ZAMPOST’S MCPHERSON CHANDA DROPPED

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By AARON CHIYANZO

GOVERNMENT has replaced McPherson Chanda as Zambia Postal Services Corporation (ZAMPOST) Postmaster General after putting him on a six-month suspension to pave way for investigations into alleged misapplication of social cash transfer funds.

Minister of Transport and Communication Brian Mushimba confirmed in an interview yesterday the replacement of Mr Chanda and named Brighton Ngoma as the new Postmaster General.

Mr Ngoma was the executive director at Cavendish University before his appointment to head ZAMPOST.

Mr Mushimba also said that three more people were added to the ZAMPOST Board to strengthen it.

“At ZAMPOST, changes have been made at management level, Mr Brighton Ngoma is now the new Postmaster General.

We have also infused in three names in the Board,” he said.

And Mr Mushimba said that ZAMPOST should immediately collect about K20 million owed by its clients and clear salary arrears as government would not bail out the firm.

He said, however, that government had committed K50 million, which would be released within the first quarter of 2019, to the short term recapitalization of ZAMPOST.

The money meant for recapitalisation should not be used to pay salary arrears as ZAMPOST had the potential to recover from its current challenges, he said.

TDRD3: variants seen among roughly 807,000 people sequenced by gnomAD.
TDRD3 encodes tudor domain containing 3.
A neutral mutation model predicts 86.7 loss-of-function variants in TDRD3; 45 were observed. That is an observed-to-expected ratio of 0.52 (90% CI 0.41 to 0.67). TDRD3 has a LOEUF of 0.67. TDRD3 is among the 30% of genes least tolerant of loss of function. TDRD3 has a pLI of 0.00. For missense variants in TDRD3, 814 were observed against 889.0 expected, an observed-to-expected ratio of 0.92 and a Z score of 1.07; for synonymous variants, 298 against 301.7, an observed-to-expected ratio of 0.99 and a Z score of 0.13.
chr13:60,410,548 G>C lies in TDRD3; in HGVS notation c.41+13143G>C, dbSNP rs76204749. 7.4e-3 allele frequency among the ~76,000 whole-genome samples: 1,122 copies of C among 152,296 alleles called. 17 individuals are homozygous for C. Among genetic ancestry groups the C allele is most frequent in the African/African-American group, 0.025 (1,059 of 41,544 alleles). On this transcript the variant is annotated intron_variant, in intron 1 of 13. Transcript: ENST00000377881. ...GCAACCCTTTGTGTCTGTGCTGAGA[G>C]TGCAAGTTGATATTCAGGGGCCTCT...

He said ZAMPOST could clear all its salary arrears from the K20 million it was owed by its clients once collected and that Government would help in recovering the money.

Mr Mushimba disclosed that of the K20 million owed to ZAMPOST, K13 million was owed by the government while K 7 million was owed by the private sector.

“The ministry offered and I hope ZAMPOST has taken the ministry up on this one that we help them collect this K13 million from government ministries and agencies at the point of source.

If for example, ZAMTEL owes ZAMPOST, there is a point of source that as government we see the money before ZAMTEL.  So the money can be taken at that point,” he said.

He also said Government was helping ZAMPOST to repair its broken relationships with clients who were helping it thrive. ZAMPOST was at the centre of a massive graft scandal after it was engaged by the Ministry of Community Development and Social Welfare to manage a multimillion Kwacha Social Cash Transfer scheme to give money vulnerable people in the country.

An audit of the scheme by the Auditor General’s Office showed that ZAMPOST diverted some of the money to its use instead of paying the beneficiaries.

The audit also showed that ZAMPOST was paid 10 percent of the entire budget fund as management fees, which was against donor guidelines.

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